If you’re looking for a great family dog that loves to play with kids and other animals, then a Labradoodle might be just the dog for you. However, if you’re looking for a guard dog that will fiercely protect you and your home, you may want to consider another breed.
Labradoodles are not protective dogs by nature. They are bred to be gentle and friendly, even towards strangers. However, some Labradoodles may develop protective, or even overprotective characteristics, depending on the relationship they have with their owner. Continue reading to learn more…
Why Labradoodles Aren’t Protective
Labradoodles are a cross between a Labrador Retriever and a Poodle. The cross may be between a Labrador and a full, miniature, or toy-size poodle. Regardless of the type of Poodle they’re bred with, none of these breeds are particularly aggressive, nor would any of them be considered true guard dogs.
Labradoodles were originally bred to make a hypoallergenic dog, and, well… that’s about it. They were not bred to hunt, fight, work, guard, or anything else. They were solely bred to create a cute pet for people with asthma and mild allergies.
A well-bred Labradoodle is one that is considered to be friendly, gentle, playful, and sociable – pretty much the opposite of a good guard dog.
What Makes a Labradoodle Protective?
First, it’s important to understand that a Labradoodle is a crossbreed, which is a little bit different than a true breed. Simply mixing two existing breeds does not create a new breed of dog.
Creating a new breed involves mating dogs with select traits and common ancestors over many generations. For example, if a purebred Golden Retriever and a purebred Doberman Pinscher had puppies, you could call the offspring “Golden Pinschers,” but that wouldn’t make them an official breed. If that were the case, new dog breeds would come into existence literally every day.
What this means is that Labradoodles do not have rigidly predictable characteristics. That’s because if certain members of the parent breeds are not selected for specific genetic traits over many generations, crossbreeding is basically a genetic roll of the dice.
So, just because Labradoodles are typically nonaggressive dogs, that doesn’t mean a particular one couldn’t come from a mom or dad with aggressive or protective tendencies.
However, the driving factor that usually determines whether a dog is protective or not is its relationship with its owner. Yes, some dogs have protective instincts, whereas others do not, but that can change quite dramatically depending on how strongly bonded the dog is or isn’t to its owner.
While having a protective dog might sound like a good thing, when a particular breed – or in this case, crossbreed – that is not known for being protective suddenly becomes protective, it’s usually a bad sign.
My Foxhound, Maggie is an overprotective dog. What I mean is, she’ll often times growl, bark at, or even attack strangers who are not doing anything to warrant such behavior.
For example, if someone is attacking me, or trying to break into my house, etc… then yes, I would want her to protect me. However, if my wife and I are at a restaurant, dining on the patio, and a server comes over to take our order, that shouldn’t be a cue for her to snap at them – this has literally happened, and embarrassed us, dozens of times.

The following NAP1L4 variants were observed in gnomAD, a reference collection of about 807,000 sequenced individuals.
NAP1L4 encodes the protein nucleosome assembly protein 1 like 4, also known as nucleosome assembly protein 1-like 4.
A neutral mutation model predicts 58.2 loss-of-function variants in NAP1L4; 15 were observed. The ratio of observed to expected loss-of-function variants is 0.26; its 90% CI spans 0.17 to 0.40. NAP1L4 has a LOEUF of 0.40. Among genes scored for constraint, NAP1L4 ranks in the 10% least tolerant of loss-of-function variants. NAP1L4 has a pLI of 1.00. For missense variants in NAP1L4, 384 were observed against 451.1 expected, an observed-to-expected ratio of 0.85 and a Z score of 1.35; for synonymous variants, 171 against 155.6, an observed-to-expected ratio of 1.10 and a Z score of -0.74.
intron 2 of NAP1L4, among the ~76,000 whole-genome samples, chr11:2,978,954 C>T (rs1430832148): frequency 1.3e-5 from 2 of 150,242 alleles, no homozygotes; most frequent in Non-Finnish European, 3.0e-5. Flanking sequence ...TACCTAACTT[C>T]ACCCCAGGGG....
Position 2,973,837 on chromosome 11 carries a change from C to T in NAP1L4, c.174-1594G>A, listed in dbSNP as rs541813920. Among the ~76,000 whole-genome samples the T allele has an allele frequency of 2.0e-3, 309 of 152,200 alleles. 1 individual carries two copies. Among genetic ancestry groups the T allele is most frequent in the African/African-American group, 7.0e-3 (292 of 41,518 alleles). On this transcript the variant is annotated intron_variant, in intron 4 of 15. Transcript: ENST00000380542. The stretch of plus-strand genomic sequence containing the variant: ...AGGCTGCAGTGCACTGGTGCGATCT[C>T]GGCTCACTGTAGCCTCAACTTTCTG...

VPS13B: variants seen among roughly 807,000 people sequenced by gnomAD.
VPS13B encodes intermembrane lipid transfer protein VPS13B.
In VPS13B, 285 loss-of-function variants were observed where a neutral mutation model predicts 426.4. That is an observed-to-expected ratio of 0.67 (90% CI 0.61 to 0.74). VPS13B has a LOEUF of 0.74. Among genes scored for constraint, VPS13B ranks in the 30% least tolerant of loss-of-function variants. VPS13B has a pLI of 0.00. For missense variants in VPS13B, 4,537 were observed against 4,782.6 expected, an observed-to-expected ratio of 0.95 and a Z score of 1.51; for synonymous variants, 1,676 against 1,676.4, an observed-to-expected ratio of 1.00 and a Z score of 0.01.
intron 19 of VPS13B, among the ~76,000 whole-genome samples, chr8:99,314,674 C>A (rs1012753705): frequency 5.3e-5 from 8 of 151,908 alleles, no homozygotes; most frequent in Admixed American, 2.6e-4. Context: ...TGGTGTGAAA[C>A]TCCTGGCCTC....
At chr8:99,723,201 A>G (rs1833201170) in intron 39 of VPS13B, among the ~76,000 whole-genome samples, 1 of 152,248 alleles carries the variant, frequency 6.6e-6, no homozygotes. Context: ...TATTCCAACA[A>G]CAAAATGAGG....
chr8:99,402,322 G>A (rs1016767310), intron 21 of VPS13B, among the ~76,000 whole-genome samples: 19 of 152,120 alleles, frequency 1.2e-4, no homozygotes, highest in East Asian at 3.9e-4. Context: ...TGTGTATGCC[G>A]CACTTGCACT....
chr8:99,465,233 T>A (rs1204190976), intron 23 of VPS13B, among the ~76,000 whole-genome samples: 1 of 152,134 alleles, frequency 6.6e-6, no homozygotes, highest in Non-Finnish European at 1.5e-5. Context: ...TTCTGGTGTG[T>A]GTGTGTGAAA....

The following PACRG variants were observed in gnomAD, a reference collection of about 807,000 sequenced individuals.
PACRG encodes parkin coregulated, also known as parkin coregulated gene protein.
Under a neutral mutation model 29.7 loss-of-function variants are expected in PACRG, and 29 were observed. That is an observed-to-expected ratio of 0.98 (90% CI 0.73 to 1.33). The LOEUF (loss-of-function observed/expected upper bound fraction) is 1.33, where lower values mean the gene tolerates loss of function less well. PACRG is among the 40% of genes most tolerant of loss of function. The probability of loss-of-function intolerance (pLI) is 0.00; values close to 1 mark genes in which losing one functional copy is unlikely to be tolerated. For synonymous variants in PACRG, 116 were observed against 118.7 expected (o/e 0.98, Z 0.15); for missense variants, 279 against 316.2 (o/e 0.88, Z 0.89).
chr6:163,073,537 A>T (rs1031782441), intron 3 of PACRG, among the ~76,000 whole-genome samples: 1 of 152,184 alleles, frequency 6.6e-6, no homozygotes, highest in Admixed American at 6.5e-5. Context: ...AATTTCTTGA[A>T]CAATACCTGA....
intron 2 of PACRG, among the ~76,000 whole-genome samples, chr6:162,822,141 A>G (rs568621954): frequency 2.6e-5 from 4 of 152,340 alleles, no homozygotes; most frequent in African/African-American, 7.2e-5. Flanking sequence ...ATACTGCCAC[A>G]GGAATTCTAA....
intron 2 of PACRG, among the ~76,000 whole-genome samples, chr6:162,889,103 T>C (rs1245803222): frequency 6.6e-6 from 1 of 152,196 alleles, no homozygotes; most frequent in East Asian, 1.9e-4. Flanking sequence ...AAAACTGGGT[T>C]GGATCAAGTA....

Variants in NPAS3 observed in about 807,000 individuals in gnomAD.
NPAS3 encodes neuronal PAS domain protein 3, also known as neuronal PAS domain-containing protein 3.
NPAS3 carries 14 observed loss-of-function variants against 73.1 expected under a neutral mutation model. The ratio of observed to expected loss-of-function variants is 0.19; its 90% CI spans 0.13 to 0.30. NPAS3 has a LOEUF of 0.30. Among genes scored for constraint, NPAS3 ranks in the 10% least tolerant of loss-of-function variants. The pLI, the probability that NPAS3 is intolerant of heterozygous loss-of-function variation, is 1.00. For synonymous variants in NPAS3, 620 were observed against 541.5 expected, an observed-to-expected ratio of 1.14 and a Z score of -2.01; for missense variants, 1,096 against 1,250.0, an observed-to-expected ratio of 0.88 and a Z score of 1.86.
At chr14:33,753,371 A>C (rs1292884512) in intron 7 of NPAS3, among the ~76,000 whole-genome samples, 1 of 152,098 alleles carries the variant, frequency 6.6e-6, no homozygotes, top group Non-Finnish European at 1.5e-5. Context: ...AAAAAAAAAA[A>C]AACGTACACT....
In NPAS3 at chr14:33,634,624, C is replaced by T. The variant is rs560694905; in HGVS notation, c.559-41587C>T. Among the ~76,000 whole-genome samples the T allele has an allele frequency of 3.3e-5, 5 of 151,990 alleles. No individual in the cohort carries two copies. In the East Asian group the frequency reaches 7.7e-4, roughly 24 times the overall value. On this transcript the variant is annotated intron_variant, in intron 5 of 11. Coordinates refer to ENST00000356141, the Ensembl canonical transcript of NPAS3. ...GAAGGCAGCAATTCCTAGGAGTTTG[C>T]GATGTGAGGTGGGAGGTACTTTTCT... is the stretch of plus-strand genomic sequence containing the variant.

In fact, at one point in time, Maggie was so protective of me, she snapped at my wife for trying to give me a kiss goodbye in the morning.
Her main motive for behaving this way is actually jealousy. She’s not really trying to protect me, per se, because I’m not actually in danger in any of these situations. She just doesn’t want anyone else going near me and possibly gaining my attention and affection.
I attribute this to the fact that for most of her life, it was just the two of us. For many years, my wife and I moved around the country, and I was the stay-at-home blogger/doggie-daddy. My wife would leave for work in the morning, and for the next 8 to 12 hours, it would just be Maggie and me in solitary.
So, if your Labradoodle forms an incredibly tight bond with you or another member of your household, they might become protective, but not in a good way.
What to Do with an Overprotective Labradoodle
If you happen to have a Labradoodle that has become overprotective, they are going to need some basic obedience training and socializing. The most important thing is that you don’t ever reward them for their overprotective behavior.
For example, if your Labradoodle shows aggression towards another person or animal when they shouldn’t, the last thing you should do is give them a treat, pet them, or praise them after such an incident.
It’s easy for us to misinterpret our dog’s overprotectiveness as a sign of deep affection towards us, and then in turn, shower them with love. That only encourages the bad behavior, making matters worse.
In fact, if you are someone who tends to smother your Labradoodle with affection, constantly doting on them, dialing that back would probably be a good idea. The more you treat them like the two of you are the only things in the world that matter, the more likely they are to become overprotective.
I would also recommend taking your Labradoodle to a socialization class. That might be the fastest and most effective way to correct their overprotective behavior.
VetSTREET. Labradoodle. Retrieved from http://www.vetstreet.com/dogs/labradoodle#history
Adrienne Farricelli (May 29, 2019). Why Some Dogs Become Protective of Their Owners. Retrieved from https://pethelpful.com/dogs/Why-Some-Dogs-Become-Protective-of-Owners